Three keys to the Pitt men's basketball season


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1 Make the pieces fit

Many of Pitt's problems last season stemmed from the fact that coach Jamie Dixon was forced to play some personnel out of position because of injuries and unproductive play. He had to move his starting shooting guard to point guard and then play two freshmen, who were not ready for prime time roles, at shooting guard. He also had to play a power forward at center for much of the season. Dixon won't have to do much shuffling with his lineup this season. His team is deep and talented. IUP coach Joe Lombardi remarked after Pitt's first exhibition game that Dixon's roster is like Noah's Ark. "They've got two of everything."

Dixon's task this season will be finding the right chemistry with so many new players being plugged into the rotation. Senior Tray Woodall, who missed a big chunk of last season with an abdominal injury, and freshman James Robinson are two starter-caliber point guards. But how does Dixon get enough minutes for his talented freshman without damaging his senior's confidence or comfort level? Transfer Trey Zeigler is a talented offensive player who led Central Michigan in scoring the past two seasons. Blending in a transfer who is used to having the ball in his hands can be tricky on a team that traditionally prefers to spread around the scoring wealth. And finally, there is the delicate problem of starting a freshman over a senior at center. By all accounts, Steven Adams, the Big East preseason rookie of the year, has earned the right to start ahead of Dante Taylor. This is where Dixon has to be able to still coax the maximum out of Taylor, who can be a valuable rotation player.

Dixon will not have the same problems as last season because he addressed his depth with a talented freshman class and Zeigler. Managing egos and finding the right chemistry on the go will be his biggest challenge.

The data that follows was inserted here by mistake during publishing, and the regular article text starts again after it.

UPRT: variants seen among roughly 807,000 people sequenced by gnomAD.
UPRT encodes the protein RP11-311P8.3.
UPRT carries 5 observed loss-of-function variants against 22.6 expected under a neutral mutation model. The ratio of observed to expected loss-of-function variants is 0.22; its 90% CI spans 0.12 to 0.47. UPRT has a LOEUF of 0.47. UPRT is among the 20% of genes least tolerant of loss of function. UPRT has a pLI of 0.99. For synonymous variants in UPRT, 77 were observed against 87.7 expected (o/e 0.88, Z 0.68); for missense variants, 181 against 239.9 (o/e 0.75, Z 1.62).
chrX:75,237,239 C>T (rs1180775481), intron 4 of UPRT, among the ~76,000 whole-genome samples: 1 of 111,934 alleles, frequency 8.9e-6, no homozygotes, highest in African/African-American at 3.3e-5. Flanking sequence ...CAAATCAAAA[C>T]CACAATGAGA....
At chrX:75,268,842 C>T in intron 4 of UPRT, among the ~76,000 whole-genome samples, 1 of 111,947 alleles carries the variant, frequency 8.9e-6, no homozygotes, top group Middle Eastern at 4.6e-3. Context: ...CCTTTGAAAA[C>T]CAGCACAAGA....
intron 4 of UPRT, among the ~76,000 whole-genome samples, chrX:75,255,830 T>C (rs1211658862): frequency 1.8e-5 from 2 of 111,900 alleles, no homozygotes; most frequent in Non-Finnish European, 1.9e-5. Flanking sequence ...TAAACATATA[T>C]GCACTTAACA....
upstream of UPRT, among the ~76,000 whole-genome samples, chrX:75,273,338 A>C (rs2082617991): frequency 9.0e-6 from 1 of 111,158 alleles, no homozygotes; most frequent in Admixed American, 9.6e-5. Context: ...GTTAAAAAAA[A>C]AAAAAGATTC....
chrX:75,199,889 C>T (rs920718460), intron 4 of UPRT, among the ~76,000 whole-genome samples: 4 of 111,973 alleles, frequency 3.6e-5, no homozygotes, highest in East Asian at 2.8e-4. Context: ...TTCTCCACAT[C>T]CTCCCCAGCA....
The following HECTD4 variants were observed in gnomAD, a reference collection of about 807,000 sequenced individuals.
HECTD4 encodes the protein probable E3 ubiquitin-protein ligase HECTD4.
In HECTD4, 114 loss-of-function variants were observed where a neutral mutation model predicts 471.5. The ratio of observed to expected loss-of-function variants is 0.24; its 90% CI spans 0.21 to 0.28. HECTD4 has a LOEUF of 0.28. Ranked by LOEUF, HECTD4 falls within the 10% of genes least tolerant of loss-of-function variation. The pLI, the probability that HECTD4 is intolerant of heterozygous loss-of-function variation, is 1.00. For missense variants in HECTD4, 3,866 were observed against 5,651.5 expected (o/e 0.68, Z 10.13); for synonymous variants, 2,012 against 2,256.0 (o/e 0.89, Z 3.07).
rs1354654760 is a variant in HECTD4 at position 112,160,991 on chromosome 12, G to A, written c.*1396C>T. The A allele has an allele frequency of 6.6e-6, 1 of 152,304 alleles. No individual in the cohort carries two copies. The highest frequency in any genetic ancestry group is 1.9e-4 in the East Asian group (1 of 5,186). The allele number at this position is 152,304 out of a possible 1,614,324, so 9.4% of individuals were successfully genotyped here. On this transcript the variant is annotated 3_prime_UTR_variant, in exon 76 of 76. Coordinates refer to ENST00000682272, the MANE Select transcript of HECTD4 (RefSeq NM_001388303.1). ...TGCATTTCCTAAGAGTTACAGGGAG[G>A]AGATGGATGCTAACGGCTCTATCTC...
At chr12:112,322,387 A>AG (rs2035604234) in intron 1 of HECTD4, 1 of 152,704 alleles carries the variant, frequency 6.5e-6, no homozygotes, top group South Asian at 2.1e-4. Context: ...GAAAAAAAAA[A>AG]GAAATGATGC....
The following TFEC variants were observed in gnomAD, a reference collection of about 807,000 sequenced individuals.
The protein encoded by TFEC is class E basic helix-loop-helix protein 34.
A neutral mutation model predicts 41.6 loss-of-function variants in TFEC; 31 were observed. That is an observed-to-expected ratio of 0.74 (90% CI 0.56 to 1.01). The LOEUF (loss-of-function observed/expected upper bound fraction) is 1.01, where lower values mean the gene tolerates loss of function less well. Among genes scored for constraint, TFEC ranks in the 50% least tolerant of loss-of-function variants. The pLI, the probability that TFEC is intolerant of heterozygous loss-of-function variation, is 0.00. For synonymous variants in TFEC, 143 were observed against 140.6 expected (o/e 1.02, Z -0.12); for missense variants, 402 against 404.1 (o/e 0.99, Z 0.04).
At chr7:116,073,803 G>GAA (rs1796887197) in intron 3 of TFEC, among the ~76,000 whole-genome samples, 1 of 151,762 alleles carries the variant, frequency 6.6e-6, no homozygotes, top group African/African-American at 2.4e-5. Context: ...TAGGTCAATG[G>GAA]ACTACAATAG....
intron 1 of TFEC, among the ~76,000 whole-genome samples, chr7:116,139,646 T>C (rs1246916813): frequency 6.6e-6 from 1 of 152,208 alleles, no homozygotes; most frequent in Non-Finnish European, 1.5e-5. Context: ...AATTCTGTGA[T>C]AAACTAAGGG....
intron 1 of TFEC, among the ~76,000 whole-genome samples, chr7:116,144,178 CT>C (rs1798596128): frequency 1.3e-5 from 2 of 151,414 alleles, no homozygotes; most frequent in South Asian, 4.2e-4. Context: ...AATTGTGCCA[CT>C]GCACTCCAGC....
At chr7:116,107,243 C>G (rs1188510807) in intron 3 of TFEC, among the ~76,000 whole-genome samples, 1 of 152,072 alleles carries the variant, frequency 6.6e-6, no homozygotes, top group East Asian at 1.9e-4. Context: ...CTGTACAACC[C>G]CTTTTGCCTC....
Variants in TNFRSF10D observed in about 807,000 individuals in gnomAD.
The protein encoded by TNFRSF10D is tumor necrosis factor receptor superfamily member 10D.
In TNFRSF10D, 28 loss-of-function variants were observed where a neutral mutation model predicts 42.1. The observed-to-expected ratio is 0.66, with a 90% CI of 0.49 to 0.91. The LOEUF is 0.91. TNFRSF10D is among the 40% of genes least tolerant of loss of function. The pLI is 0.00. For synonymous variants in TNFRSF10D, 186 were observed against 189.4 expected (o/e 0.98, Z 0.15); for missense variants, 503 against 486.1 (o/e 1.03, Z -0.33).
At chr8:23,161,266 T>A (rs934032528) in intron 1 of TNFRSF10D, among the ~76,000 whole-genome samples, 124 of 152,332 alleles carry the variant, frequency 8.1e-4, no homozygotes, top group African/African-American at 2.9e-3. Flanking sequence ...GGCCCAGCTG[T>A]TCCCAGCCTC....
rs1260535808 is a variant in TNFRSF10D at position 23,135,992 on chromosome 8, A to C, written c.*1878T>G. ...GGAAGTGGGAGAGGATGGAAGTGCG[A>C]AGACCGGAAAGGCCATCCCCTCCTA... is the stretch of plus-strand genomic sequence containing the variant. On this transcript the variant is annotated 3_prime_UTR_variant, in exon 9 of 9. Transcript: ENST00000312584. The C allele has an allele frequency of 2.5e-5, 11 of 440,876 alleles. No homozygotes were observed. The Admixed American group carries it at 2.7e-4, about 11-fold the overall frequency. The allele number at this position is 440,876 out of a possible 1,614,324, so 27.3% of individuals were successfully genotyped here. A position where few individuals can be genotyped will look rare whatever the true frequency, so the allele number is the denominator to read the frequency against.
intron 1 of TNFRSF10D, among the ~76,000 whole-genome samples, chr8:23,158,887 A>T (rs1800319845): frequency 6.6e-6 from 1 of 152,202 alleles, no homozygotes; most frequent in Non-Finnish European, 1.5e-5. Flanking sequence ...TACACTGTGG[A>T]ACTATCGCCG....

2 Grit and grind

After a year when Pitt was among the worst defensive teams in the Big East, Dixon believes he has a team that is capable of being among the best this season. The Panthers allowed opposing teams to average 67.7 points per game -- the most since the 1999-2000 season -- and to shoot 44.1 percent -- the highest percentage since 1998-99. Dixon has made defense a point of emphasis in preseason practices.

Adams, the 7-footer from New Zealand, can be an effective eraser in the middle with his ability to block and alter shots. The Panthers did not have that element last season. They also did not have quality perimeter defense. It's one of the reasons Dixon has been force feeding Robinson, who is already among the best backcourt defenders. In Robinson, Dixon has a 6-foot-3 guard who is quick and big enough to handle the stronger guards throughout the league.

Playing better defenders is only part of the solution. The players have to buy into the new mindset Dixon is selling. Do these Panthers want to roll up their sleeves and get back to the gritty style that became the signature of Dixon's program? Their willingness to do so could determine how far the team goes in March.

3 Feed the post

Another point of emphasis in the preseason has been for the post players to have their hands on the ball more than they did last season. Dixon still might not have a dominant low-post scorer, but he feels better about his inside scoring ability with the addition of Adams, who has improved his inside touch after playing with his face to the basket while growing up in New Zealand. It will take time for Adams to develop into a consistent back-to-the-basket scorer, but he has the raw skills and strength to hold his own.

The Panthers relied too much on outside shooting last season because the post scorers were ineffective. They will not be as reliant on outside shooting this season because the addition of Zeigler means the team has a penetrator who will open things up not only for the outside shooters but for the power forwards and centers. Adams and veterans Taylor and Talib Zanna should get some easier opportunities when their defenders have to help on Zeigler and Pitt's other guards in the lane.

Dixon prefers to play inside-out. His post personnel prevented that from happening the past few seasons. With Adams in the post and Zeigler penetrating, expect the Panthers to revert to the old form that was so successful for the program during the early years of Dixon's tenure.

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